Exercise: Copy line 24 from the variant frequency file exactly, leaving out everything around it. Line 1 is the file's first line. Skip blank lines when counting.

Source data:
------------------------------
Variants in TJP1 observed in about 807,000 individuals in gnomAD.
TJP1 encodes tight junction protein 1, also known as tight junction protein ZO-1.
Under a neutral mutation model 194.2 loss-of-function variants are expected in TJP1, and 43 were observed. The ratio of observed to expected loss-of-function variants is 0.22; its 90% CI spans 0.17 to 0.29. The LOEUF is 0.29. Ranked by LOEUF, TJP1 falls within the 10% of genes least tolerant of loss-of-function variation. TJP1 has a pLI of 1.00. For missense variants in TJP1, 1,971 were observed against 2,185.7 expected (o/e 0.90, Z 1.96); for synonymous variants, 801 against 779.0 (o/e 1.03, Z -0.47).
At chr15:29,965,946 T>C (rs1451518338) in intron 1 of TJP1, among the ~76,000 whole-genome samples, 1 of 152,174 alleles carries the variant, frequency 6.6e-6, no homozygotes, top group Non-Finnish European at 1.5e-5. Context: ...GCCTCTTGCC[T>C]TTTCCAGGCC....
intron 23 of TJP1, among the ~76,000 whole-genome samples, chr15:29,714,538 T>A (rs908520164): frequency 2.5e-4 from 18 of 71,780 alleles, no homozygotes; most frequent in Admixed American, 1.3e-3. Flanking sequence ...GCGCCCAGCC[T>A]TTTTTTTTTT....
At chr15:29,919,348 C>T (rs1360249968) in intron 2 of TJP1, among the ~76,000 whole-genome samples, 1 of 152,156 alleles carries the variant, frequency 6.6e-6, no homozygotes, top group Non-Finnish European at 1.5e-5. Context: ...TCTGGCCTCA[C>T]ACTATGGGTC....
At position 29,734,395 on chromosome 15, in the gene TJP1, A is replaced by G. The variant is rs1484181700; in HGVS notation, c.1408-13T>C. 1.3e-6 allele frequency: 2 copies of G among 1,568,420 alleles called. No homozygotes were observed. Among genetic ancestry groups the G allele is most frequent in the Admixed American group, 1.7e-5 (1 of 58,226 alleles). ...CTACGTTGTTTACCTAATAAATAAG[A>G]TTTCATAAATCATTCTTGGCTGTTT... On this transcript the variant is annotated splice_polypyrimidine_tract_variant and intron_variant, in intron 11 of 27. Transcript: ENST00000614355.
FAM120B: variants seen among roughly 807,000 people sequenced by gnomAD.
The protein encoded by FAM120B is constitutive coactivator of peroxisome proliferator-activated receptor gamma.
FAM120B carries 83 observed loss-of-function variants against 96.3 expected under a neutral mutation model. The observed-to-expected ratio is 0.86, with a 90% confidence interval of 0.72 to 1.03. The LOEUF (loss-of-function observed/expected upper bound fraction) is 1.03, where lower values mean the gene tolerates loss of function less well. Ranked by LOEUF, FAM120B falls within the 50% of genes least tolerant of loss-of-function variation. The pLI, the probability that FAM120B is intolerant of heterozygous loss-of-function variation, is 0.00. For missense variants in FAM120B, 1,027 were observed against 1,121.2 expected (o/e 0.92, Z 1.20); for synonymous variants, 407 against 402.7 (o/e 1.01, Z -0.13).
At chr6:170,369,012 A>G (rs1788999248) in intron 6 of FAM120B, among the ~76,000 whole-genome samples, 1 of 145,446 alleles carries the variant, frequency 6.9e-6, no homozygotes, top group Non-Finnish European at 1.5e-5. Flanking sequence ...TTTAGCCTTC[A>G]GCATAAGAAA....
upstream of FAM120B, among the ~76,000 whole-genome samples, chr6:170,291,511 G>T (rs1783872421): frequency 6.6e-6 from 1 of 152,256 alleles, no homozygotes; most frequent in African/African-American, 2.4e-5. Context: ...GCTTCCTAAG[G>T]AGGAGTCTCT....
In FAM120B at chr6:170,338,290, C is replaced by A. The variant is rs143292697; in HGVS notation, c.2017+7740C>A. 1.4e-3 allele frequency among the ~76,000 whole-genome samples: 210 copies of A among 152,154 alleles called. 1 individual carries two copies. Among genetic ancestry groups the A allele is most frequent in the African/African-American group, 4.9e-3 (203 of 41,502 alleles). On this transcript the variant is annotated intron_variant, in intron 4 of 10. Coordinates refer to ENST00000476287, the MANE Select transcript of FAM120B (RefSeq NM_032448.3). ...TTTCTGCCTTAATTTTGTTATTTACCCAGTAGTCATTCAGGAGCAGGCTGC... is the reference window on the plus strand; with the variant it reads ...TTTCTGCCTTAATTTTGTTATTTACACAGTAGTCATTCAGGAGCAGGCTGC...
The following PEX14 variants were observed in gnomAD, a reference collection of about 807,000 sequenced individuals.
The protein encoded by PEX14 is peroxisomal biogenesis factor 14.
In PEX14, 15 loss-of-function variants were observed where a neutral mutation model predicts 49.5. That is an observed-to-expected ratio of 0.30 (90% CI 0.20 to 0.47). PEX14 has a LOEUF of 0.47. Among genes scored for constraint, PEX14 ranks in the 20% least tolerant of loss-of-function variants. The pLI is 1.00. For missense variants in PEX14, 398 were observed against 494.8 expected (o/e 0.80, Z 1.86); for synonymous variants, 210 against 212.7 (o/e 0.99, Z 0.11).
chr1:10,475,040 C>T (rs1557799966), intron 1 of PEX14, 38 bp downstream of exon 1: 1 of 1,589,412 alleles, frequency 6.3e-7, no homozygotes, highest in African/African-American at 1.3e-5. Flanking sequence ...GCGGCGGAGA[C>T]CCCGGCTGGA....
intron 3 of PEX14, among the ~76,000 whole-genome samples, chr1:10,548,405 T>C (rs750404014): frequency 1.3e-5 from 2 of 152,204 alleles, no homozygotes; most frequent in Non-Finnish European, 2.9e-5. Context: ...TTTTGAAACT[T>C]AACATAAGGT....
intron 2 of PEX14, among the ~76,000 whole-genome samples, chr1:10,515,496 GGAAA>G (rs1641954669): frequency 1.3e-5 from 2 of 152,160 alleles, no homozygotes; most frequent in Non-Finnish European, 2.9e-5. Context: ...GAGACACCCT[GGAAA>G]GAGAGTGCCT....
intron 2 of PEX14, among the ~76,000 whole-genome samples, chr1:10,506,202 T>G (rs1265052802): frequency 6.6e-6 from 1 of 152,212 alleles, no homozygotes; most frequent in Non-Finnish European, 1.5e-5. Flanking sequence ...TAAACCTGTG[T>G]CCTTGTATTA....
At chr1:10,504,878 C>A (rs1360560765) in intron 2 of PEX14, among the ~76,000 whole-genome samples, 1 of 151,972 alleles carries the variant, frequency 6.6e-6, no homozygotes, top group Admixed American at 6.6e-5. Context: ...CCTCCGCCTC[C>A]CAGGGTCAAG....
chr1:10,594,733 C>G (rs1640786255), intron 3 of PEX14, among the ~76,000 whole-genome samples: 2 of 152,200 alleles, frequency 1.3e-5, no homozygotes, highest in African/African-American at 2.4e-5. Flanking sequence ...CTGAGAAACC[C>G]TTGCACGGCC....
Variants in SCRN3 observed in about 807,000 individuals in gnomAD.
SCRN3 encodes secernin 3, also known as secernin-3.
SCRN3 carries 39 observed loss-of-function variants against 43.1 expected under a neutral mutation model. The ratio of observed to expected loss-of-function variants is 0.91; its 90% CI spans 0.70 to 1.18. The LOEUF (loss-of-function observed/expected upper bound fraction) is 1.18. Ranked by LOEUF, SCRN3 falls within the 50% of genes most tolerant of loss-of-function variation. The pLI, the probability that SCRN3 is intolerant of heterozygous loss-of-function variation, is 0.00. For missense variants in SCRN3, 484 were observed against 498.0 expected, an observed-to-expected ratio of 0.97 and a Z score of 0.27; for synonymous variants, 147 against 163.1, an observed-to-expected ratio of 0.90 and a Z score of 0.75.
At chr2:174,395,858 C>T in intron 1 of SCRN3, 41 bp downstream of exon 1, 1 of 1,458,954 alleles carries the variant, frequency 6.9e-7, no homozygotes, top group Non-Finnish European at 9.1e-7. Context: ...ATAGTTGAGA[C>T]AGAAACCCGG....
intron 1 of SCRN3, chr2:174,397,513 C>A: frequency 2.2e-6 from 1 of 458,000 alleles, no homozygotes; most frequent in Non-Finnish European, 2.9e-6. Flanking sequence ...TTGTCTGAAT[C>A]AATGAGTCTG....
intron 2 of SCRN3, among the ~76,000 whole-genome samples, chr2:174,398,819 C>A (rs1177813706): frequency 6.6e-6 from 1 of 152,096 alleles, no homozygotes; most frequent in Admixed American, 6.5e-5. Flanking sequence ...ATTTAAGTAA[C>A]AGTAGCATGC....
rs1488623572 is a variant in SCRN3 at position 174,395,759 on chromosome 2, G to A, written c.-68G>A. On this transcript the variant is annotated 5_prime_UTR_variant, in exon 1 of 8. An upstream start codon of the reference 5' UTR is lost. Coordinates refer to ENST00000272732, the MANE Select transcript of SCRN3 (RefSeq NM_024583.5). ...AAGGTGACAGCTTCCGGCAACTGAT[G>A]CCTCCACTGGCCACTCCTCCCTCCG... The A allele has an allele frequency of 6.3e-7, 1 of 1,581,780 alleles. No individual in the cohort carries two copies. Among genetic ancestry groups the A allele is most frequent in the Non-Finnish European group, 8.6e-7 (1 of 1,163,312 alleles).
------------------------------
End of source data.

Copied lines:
SCRN3 encodes secernin 3, also known as secernin-3.